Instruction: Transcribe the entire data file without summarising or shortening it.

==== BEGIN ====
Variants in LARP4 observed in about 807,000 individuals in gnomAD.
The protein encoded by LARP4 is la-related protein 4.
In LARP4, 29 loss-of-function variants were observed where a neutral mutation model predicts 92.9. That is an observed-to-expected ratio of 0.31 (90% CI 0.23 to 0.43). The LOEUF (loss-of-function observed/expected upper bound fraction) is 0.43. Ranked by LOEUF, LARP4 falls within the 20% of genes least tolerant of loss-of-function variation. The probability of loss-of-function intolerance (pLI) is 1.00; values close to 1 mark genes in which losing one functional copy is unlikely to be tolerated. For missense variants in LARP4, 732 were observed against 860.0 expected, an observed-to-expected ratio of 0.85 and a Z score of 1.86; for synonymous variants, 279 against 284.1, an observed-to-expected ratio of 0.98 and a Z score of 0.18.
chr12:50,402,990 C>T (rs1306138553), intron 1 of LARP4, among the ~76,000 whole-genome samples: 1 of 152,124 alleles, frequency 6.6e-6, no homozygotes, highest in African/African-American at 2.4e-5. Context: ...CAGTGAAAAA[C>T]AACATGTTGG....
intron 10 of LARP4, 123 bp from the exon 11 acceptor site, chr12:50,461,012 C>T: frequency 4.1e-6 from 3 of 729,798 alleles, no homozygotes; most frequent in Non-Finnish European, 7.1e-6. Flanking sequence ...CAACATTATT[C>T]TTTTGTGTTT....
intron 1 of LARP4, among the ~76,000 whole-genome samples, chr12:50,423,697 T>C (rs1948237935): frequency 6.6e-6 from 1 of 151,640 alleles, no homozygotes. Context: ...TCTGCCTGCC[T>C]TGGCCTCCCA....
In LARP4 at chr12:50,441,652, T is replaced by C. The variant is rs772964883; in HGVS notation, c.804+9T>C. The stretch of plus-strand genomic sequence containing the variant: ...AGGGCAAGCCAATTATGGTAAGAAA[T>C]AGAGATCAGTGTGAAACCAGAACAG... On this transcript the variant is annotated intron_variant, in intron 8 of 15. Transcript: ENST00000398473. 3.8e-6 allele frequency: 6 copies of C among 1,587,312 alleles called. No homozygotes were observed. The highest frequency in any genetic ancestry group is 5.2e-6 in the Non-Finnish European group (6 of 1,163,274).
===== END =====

Variants in LARP4 observed in about 807,000 individuals in gnomAD.
The protein encoded by LARP4 is la-related protein 4.
In LARP4, 29 loss-of-function variants were observed where a neutral mutation model predicts 92.9. That is an observed-to-expected ratio of 0.31 (90% CI 0.23 to 0.43). The LOEUF (loss-of-function observed/expected upper bound fraction) is 0.43. Ranked by LOEUF, LARP4 falls within the 20% of genes least tolerant of loss-of-function variation. The probability of loss-of-function intolerance (pLI) is 1.00; values close to 1 mark genes in which losing one functional copy is unlikely to be tolerated. For missense variants in LARP4, 732 were observed against 860.0 expected, an observed-to-expected ratio of 0.85 and a Z score of 1.86; for synonymous variants, 279 against 284.1, an observed-to-expected ratio of 0.98 and a Z score of 0.18.
chr12:50,402,990 C>T (rs1306138553), intron 1 of LARP4, among the ~76,000 whole-genome samples: 1 of 152,124 alleles, frequency 6.6e-6, no homozygotes, highest in African/African-American at 2.4e-5. Context: ...CAGTGAAAAA[C>T]AACATGTTGG....
intron 10 of LARP4, 123 bp from the exon 11 acceptor site, chr12:50,461,012 C>T: frequency 4.1e-6 from 3 of 729,798 alleles, no homozygotes; most frequent in Non-Finnish European, 7.1e-6. Flanking sequence ...CAACATTATT[C>T]TTTTGTGTTT....
intron 1 of LARP4, among the ~76,000 whole-genome samples, chr12:50,423,697 T>C (rs1948237935): frequency 6.6e-6 from 1 of 151,640 alleles, no homozygotes. Context: ...TCTGCCTGCC[T>C]TGGCCTCCCA....
In LARP4 at chr12:50,441,652, T is replaced by C. The variant is rs772964883; in HGVS notation, c.804+9T>C. The stretch of plus-strand genomic sequence containing the variant: ...AGGGCAAGCCAATTATGGTAAGAAA[T>C]AGAGATCAGTGTGAAACCAGAACAG... On this transcript the variant is annotated intron_variant, in intron 8 of 15. Transcript: ENST00000398473. 3.8e-6 allele frequency: 6 copies of C among 1,587,312 alleles called. No homozygotes were observed. The highest frequency in any genetic ancestry group is 5.2e-6 in the Non-Finnish European group (6 of 1,163,274).